A few years down the road on the video-sharing app TikTok, people began announcing their love for somebody, either asking them for marriage or simply asking them out, with “Make You Mine” as the background song. And thus, the “Make You Mine Challenge” was born.

The viral sensation captured the internet’s eye and the song gained  great deal of popularity. The song’s music video received over 12 million views in a span of only four months and was on Spotify’s U.S. Viral 50 chart. “Make You Mine” receives its most streams from outside the U.S., according to Lapps.

“While we always felt that ‘Make You Mine’ was a special song, and there was definitely something magical about the recording, I don’t think any of us anticipated the viral nature of the track,” said Lapps. “We loved playing it live and hoped people would enjoy it there, but all of the TikTok attention starting last year definitely surprised us.”

Social media radically changed the music industry. Since  early YouTube sensations like Justin Bieber, the internet has served as another platform for artists to be discovered or to take off, and PUBLIC is another example of a group that received that boost.

“It’s changed absolutely everything,” Alvarado said of TikTok. “I think even more specifically than just the access to new music, it’s also given life to older songs and undiscovered artists that may have once been cast aside or forgotten and brought new life into those projects. We’re pretty much a prime example of the power of TikTok and what it’s capable of doing.”

But while TikTok fueled the massive popularity of “Make You Mine,” it’s also been an obstacle for PUBLIC in and of itself. People often associate the band with the song and not the other way around. There is more to PUBLIC than a song that blew up on TikTok, a song they still take pride in, but not a song that is only part of who they are.

“People seem to be so familiar with the track ‘Make You Mine,’ that not a lot of people know and/or yet care that our band created that song,” said Alvarado. “It’s kinda like the track is a bigger presence than the band is, which is something we’re trying to work on now.”

“Of course we love the track and the attention it’s getting, but there’s so much more to PUBLIC’s identity than just the breakout track. We’ve got personalities we want to display and upcoming new music that we’re all very excited about. As John likes to put it, these are ‘Champagne Problems’ that the band is more than happy to have.”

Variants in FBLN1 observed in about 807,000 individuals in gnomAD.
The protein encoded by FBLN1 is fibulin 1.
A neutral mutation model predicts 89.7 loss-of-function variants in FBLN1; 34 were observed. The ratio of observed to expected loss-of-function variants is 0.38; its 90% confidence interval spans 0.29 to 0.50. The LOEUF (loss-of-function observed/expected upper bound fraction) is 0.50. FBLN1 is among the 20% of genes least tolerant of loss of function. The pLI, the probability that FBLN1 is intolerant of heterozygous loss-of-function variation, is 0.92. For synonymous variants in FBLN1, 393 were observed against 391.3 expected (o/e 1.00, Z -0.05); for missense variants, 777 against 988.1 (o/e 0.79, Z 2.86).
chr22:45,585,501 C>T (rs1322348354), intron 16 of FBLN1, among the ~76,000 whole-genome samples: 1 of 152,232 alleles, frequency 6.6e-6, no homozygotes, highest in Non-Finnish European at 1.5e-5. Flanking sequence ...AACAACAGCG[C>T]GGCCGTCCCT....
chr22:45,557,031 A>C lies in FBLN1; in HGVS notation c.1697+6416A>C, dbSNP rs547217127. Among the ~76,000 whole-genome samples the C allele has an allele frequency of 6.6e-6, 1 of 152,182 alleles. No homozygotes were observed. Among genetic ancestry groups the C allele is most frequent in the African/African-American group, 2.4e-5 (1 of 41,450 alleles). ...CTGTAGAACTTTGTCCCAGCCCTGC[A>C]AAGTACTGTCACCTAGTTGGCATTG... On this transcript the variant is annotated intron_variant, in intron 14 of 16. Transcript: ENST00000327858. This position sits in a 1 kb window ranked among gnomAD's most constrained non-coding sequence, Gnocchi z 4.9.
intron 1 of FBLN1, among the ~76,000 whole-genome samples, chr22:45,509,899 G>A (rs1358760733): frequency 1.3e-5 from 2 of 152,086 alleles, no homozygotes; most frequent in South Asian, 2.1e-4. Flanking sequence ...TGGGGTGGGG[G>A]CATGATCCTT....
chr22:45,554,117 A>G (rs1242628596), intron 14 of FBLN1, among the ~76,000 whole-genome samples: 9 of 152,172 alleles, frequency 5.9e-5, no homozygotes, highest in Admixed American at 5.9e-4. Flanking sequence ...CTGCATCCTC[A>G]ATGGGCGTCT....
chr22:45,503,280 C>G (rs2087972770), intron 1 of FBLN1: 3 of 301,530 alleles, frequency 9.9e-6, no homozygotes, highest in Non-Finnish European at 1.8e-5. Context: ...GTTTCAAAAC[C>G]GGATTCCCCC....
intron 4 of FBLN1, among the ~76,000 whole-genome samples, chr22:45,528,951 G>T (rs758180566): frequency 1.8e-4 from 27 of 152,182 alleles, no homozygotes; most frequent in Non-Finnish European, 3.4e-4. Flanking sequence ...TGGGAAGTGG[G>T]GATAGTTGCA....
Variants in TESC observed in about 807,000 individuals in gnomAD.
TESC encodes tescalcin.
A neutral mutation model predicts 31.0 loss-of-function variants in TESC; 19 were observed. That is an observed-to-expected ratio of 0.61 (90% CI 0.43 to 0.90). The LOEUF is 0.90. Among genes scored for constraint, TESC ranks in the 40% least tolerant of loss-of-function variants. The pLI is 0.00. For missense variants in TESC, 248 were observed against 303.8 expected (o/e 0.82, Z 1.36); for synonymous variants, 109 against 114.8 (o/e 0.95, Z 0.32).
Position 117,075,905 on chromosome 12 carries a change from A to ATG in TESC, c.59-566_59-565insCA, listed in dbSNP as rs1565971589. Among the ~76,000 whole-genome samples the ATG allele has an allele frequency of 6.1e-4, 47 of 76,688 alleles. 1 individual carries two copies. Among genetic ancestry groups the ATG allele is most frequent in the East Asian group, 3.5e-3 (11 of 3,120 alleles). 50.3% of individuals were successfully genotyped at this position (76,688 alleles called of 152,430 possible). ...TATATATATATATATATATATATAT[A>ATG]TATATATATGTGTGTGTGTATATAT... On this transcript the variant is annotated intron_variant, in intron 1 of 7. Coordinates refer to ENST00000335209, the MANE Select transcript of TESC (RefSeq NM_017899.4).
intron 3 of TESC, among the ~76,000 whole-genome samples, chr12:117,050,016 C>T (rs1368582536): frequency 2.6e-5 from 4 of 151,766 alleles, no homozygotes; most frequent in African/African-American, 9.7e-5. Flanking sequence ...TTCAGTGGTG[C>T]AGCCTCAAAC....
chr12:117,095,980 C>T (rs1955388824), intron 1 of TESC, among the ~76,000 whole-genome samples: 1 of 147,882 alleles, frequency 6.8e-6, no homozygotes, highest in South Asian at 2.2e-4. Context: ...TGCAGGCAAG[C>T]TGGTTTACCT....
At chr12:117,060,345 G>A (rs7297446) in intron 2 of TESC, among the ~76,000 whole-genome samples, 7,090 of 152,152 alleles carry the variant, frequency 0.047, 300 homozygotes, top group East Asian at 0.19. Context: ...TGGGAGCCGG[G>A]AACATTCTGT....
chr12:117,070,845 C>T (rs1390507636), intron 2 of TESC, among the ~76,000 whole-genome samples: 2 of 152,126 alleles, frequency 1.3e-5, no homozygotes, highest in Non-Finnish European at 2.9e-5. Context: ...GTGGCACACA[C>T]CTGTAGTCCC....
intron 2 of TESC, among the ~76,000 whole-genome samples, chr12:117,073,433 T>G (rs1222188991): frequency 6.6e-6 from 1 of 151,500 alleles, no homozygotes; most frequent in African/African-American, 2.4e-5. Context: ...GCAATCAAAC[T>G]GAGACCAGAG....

At their fundamental core, PUBLIC is a band that maintains the original purpose of many bands: A group of people who come together to create music they are passionate about. They bring energy to their shows and that energy is reciprocated by their fans. They’re fueled by a love for making music and a love for playing their instruments.

The story of PUBLIC is not yet finished, and “Make You Mine” may only be a chapter.

“Now that we have a really solid team in place behind us, we’ve found less time to ourselves and more time flying in for one-off shows, radio visits, or writing sessions – just staying really busy overall,” said Alvarado. “If there were a singular point of focus right now, it would be: How far can we take ‘Make You Mine’ and how do we follow that up? There’s a lot of work that’s been put in, but still a lot more to go.”

Their desire is to not to live off one piece of work, but to sustain musical output. Satisfying their fans with only one hit song isn’t enough for PUBLIC. They  want to build a strong relationship with their followers and be more than a TikTok sensation. And they’re on their way. In Alvarado’s words, they’ve “got a lot of fuel we’re adding to the PUBLIC fire.”